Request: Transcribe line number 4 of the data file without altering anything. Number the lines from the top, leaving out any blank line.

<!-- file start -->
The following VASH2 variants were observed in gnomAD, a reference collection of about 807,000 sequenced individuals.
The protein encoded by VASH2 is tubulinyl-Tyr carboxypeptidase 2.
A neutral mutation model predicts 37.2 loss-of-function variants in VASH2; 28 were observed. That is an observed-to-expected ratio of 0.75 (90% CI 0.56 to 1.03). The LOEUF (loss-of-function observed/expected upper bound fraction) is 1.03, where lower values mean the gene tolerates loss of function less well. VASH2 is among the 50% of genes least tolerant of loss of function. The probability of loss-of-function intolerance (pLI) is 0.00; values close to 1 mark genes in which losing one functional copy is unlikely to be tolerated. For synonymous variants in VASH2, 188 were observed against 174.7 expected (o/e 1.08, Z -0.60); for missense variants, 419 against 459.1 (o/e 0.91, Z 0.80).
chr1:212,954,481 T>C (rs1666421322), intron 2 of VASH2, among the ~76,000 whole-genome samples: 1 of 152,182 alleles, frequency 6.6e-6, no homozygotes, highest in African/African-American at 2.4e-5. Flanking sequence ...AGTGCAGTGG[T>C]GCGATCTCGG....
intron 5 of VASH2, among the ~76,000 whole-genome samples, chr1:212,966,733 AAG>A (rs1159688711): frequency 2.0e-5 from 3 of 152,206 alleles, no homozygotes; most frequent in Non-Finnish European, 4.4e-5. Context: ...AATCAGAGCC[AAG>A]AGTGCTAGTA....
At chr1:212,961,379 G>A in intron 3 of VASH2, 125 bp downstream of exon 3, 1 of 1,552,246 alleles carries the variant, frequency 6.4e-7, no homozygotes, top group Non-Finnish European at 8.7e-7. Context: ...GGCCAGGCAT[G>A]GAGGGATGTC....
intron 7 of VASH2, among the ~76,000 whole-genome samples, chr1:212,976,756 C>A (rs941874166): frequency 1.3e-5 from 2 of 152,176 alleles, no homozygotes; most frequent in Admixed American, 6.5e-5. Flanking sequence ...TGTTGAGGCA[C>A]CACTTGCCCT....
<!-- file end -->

chr1:212,954,481 T>C (rs1666421322), intron 2 of VASH2, among the ~76,000 whole-genome samples: 1 of 152,182 alleles, frequency 6.6e-6, no homozygotes, highest in African/African-American at 2.4e-5. Flanking sequence ...AGTGCAGTGG[T>C]GCGATCTCGG....